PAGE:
First Coast News went to Hedstrom's Ponte Vedra home for answers. Her children told us she wasn't home. We left our phone number for her to call, but she never did. We also called her numerous times, but she never called back.

Then, two local attorneys agreed to speak on Hedstrom's behalf. "The agencies in the U.S. don't control what children are presented to the adoptive parents. They can make a request and plead but they don't have any control over that," says Carole Vogel.

First Coast News also tracked down another ABW client. A woman in California, who did not want to be identified. She told us she stopped the adoption of a Guatemalan child because the child's DNA test was allegedly false.

She was too upset to talk to us, her attorney spoke for her. "The claim is the DNA was taken on a date in October with the birth mother and the child being in the office. However, the child was with my client hundreds of miles away on that very date. It didn't happen," says Michigan attorney Joni Fixel.

Hedstrom's representatives say the agency is not always at fault with these kinds of problems. "Making sure (they're) trustworthy and honest people, it's difficult even under the best of circumstances. Because a lot of these countries are third world nations...very poor," says Vogel.

Vogel says international adoptions are risky. But Fixel says she has five different families from across the country with similar stories involving ABW and Tedi Hedstrom. "They are emotional and financial predators," says Fixel.

When asked if Tedi Hedstrom was an emotional predator, Fixel replied, "I believe so. In what I've seen, the emails going back and forth, the threats blaming the parents for not caring enough, blaming the parents for not sending enough money."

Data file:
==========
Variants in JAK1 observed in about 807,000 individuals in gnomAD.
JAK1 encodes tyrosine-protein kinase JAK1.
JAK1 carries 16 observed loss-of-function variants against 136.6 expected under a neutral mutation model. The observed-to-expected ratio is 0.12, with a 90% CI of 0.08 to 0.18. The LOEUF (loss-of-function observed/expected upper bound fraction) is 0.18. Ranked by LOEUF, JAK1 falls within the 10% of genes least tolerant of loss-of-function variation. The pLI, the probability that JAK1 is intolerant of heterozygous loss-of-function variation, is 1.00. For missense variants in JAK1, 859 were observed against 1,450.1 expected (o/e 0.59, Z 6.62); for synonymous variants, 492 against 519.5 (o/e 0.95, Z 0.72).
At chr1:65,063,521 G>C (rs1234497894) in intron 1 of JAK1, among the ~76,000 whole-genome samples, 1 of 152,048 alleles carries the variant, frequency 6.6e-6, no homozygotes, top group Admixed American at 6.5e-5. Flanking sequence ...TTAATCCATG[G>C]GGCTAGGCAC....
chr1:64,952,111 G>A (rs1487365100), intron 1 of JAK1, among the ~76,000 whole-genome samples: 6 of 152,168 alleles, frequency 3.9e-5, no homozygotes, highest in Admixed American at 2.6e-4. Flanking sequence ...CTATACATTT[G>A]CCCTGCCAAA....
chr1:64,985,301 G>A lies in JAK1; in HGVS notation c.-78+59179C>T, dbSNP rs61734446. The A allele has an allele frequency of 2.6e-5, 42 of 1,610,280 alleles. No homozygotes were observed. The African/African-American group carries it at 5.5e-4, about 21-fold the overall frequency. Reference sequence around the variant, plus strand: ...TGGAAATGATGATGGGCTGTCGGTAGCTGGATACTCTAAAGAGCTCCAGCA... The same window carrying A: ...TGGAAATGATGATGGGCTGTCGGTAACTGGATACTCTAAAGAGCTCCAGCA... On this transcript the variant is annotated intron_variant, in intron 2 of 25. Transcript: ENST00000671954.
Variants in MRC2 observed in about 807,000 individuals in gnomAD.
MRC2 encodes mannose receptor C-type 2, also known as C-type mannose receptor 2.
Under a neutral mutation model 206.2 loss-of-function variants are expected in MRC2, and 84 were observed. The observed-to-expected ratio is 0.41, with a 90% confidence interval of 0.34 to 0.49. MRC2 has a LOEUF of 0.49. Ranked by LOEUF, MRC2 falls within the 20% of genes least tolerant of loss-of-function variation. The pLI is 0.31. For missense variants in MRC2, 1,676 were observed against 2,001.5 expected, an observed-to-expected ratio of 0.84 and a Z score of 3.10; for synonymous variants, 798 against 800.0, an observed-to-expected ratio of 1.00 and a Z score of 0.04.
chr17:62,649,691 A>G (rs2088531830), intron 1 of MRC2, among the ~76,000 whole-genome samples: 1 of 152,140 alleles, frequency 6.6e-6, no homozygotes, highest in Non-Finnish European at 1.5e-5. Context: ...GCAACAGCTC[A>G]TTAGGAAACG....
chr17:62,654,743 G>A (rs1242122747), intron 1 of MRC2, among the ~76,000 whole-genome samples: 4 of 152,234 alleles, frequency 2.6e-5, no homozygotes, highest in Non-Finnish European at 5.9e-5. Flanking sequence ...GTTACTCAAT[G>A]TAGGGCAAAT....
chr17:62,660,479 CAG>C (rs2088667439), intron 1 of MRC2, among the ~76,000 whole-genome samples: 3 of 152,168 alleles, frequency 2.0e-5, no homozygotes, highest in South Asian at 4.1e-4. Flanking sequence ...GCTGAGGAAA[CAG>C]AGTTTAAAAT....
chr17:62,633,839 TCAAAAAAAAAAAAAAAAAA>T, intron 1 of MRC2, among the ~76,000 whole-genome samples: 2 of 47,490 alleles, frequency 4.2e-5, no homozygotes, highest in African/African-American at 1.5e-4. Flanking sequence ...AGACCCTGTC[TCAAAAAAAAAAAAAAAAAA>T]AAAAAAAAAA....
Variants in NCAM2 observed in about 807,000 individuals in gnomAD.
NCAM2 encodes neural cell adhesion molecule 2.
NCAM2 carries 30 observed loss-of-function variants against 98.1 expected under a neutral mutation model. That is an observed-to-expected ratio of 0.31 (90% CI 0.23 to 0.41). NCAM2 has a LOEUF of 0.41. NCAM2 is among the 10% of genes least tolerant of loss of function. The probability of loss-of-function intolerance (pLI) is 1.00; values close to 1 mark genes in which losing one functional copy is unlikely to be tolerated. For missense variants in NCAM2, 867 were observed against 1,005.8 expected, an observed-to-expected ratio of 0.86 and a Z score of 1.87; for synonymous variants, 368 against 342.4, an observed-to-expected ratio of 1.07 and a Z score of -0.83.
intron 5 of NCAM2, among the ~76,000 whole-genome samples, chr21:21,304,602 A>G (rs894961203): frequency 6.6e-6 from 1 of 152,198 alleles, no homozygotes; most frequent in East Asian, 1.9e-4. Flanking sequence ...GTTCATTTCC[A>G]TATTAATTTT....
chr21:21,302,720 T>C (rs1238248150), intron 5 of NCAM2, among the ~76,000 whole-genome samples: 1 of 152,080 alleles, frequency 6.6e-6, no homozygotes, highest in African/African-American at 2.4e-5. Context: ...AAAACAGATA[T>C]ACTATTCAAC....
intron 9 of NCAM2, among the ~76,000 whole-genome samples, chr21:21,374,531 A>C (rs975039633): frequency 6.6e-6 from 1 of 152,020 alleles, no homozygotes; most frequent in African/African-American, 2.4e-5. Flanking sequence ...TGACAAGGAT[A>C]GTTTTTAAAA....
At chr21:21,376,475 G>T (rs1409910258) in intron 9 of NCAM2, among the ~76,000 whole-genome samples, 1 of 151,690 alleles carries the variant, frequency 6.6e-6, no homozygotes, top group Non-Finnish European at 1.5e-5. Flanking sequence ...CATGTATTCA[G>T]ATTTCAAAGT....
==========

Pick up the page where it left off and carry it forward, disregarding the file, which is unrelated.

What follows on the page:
Rick Rumrell, an attorney speaking out on behalf of Hedstrom, says it's not true. "If anything, Tedi is a person who has devoted her life to helping families and children do adoptions, something she does not get wealthy on."

Fixel says the families are planning to sue ABW to get their money back. "In our office we call these contracts--I promise to get you a baby, maybe. There's a lot of loose terms in these contracts. It's our position they never intended on completing the adoption in the first place and the contract should be voided as a whole."

Rumrell says," I can tell you that would be categorically not true."

For now, the Hale's hold on to pictures of their little girl, Emylee. But even the pictures raise questions. "She looks nothing like this," says Christine Hale comparing pictures the adoption agency has sent her of her child.

Hale says some of the pictures don't match the child they saw and held in their arms. The Hale's say they are not sure of what Emylee looks like today. "If you asked me if our child could pop up with someone else. It would not surprise me," says Hale.

The couple holds on to the memories of the baby they held in their arms. They also hold on to hope that one day Emylee will be home playing with her brothers and sisters.

The thought of their child without them brings them to tears. "We love her and we haven't given up on her. We have done everything we can to do their job. We've begged and pleaded. We'd do anything to get her home."

Adoption Blessings Worldwide has had several complaints made against it with the Florida DCF over the last two years.

We have also learned that Georgia's Department of Human Resources, which licenses adoption agencies, is currently doing two investigations on the agency.

Georgia officials have confirmed that there are at least five complaints against ABW right now. Information on those complaints are considered private until the investigations are over.

The St. Johns County Sheriff's Office is also working with the Florida DCF and looking into whether any criminal act was done in Florida involving ABW.

No comments: